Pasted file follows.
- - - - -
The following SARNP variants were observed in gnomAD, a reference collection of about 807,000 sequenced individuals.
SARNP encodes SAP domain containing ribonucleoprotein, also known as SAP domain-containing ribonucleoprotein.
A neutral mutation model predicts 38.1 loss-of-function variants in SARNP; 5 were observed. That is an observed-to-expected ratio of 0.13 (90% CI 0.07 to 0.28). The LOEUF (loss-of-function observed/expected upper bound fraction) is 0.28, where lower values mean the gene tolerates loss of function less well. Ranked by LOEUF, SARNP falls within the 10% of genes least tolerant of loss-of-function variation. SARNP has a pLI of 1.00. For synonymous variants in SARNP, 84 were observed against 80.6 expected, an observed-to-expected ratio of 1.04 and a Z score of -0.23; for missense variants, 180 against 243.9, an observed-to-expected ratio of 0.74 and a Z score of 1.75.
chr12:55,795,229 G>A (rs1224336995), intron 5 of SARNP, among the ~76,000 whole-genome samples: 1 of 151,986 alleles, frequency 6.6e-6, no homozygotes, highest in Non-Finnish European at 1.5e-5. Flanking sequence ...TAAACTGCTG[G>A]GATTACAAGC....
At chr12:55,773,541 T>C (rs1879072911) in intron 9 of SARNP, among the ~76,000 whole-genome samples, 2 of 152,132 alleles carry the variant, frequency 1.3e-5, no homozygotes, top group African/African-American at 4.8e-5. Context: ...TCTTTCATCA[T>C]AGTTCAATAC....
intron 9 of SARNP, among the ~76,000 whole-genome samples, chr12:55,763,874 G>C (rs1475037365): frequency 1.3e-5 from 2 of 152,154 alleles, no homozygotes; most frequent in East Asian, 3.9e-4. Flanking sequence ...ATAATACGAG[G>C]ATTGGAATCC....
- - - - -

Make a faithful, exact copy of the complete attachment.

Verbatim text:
The following SARNP variants were observed in gnomAD, a reference collection of about 807,000 sequenced individuals.
SARNP encodes SAP domain containing ribonucleoprotein, also known as SAP domain-containing ribonucleoprotein.
A neutral mutation model predicts 38.1 loss-of-function variants in SARNP; 5 were observed. That is an observed-to-expected ratio of 0.13 (90% CI 0.07 to 0.28). The LOEUF (loss-of-function observed/expected upper bound fraction) is 0.28, where lower values mean the gene tolerates loss of function less well. Ranked by LOEUF, SARNP falls within the 10% of genes least tolerant of loss-of-function variation. SARNP has a pLI of 1.00. For synonymous variants in SARNP, 84 were observed against 80.6 expected, an observed-to-expected ratio of 1.04 and a Z score of -0.23; for missense variants, 180 against 243.9, an observed-to-expected ratio of 0.74 and a Z score of 1.75.
chr12:55,795,229 G>A (rs1224336995), intron 5 of SARNP, among the ~76,000 whole-genome samples: 1 of 151,986 alleles, frequency 6.6e-6, no homozygotes, highest in Non-Finnish European at 1.5e-5. Flanking sequence ...TAAACTGCTG[G>A]GATTACAAGC....
At chr12:55,773,541 T>C (rs1879072911) in intron 9 of SARNP, among the ~76,000 whole-genome samples, 2 of 152,132 alleles carry the variant, frequency 1.3e-5, no homozygotes, top group African/African-American at 4.8e-5. Context: ...TCTTTCATCA[T>C]AGTTCAATAC....
intron 9 of SARNP, among the ~76,000 whole-genome samples, chr12:55,763,874 G>C (rs1475037365): frequency 1.3e-5 from 2 of 152,154 alleles, no homozygotes; most frequent in East Asian, 3.9e-4. Flanking sequence ...ATAATACGAG[G>C]ATTGGAATCC....